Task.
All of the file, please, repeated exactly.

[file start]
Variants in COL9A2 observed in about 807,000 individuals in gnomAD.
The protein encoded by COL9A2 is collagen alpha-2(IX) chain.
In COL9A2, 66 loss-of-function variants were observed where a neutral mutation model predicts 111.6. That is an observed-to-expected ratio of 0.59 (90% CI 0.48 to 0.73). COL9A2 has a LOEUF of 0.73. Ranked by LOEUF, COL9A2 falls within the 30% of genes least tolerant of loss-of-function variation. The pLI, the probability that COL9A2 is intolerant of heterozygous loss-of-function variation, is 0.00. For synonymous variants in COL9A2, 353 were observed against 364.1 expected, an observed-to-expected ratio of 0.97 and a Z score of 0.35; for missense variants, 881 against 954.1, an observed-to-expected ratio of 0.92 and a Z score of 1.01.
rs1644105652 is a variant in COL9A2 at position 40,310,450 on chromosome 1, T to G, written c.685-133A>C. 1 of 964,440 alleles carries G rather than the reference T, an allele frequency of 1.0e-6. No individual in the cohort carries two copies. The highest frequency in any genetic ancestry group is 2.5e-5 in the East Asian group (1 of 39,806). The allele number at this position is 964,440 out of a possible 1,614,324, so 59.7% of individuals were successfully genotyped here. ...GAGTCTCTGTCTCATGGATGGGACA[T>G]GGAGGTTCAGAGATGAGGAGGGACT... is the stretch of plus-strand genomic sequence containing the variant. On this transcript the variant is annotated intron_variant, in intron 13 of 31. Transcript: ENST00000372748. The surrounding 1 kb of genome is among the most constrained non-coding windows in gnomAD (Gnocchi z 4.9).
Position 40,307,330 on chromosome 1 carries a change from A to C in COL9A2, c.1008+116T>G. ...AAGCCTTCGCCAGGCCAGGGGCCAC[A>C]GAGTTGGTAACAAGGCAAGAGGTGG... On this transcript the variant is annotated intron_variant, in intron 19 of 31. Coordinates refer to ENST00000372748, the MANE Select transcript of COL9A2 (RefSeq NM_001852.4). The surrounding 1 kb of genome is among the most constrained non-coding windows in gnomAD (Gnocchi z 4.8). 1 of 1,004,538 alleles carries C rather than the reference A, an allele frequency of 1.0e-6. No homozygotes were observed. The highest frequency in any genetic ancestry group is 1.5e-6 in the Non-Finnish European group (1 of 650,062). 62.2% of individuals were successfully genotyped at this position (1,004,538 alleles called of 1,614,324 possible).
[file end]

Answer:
Variants in COL9A2 observed in about 807,000 individuals in gnomAD.
The protein encoded by COL9A2 is collagen alpha-2(IX) chain.
In COL9A2, 66 loss-of-function variants were observed where a neutral mutation model predicts 111.6. That is an observed-to-expected ratio of 0.59 (90% CI 0.48 to 0.73). COL9A2 has a LOEUF of 0.73. Ranked by LOEUF, COL9A2 falls within the 30% of genes least tolerant of loss-of-function variation. The pLI, the probability that COL9A2 is intolerant of heterozygous loss-of-function variation, is 0.00. For synonymous variants in COL9A2, 353 were observed against 364.1 expected, an observed-to-expected ratio of 0.97 and a Z score of 0.35; for missense variants, 881 against 954.1, an observed-to-expected ratio of 0.92 and a Z score of 1.01.
rs1644105652 is a variant in COL9A2 at position 40,310,450 on chromosome 1, T to G, written c.685-133A>C. 1 of 964,440 alleles carries G rather than the reference T, an allele frequency of 1.0e-6. No individual in the cohort carries two copies. The highest frequency in any genetic ancestry group is 2.5e-5 in the East Asian group (1 of 39,806). The allele number at this position is 964,440 out of a possible 1,614,324, so 59.7% of individuals were successfully genotyped here. ...GAGTCTCTGTCTCATGGATGGGACA[T>G]GGAGGTTCAGAGATGAGGAGGGACT... is the stretch of plus-strand genomic sequence containing the variant. On this transcript the variant is annotated intron_variant, in intron 13 of 31. Transcript: ENST00000372748. The surrounding 1 kb of genome is among the most constrained non-coding windows in gnomAD (Gnocchi z 4.9).
Position 40,307,330 on chromosome 1 carries a change from A to C in COL9A2, c.1008+116T>G. ...AAGCCTTCGCCAGGCCAGGGGCCAC[A>C]GAGTTGGTAACAAGGCAAGAGGTGG... On this transcript the variant is annotated intron_variant, in intron 19 of 31. Coordinates refer to ENST00000372748, the MANE Select transcript of COL9A2 (RefSeq NM_001852.4). The surrounding 1 kb of genome is among the most constrained non-coding windows in gnomAD (Gnocchi z 4.8). 1 of 1,004,538 alleles carries C rather than the reference A, an allele frequency of 1.0e-6. No homozygotes were observed. The highest frequency in any genetic ancestry group is 1.5e-6 in the Non-Finnish European group (1 of 650,062). 62.2% of individuals were successfully genotyped at this position (1,004,538 alleles called of 1,614,324 possible).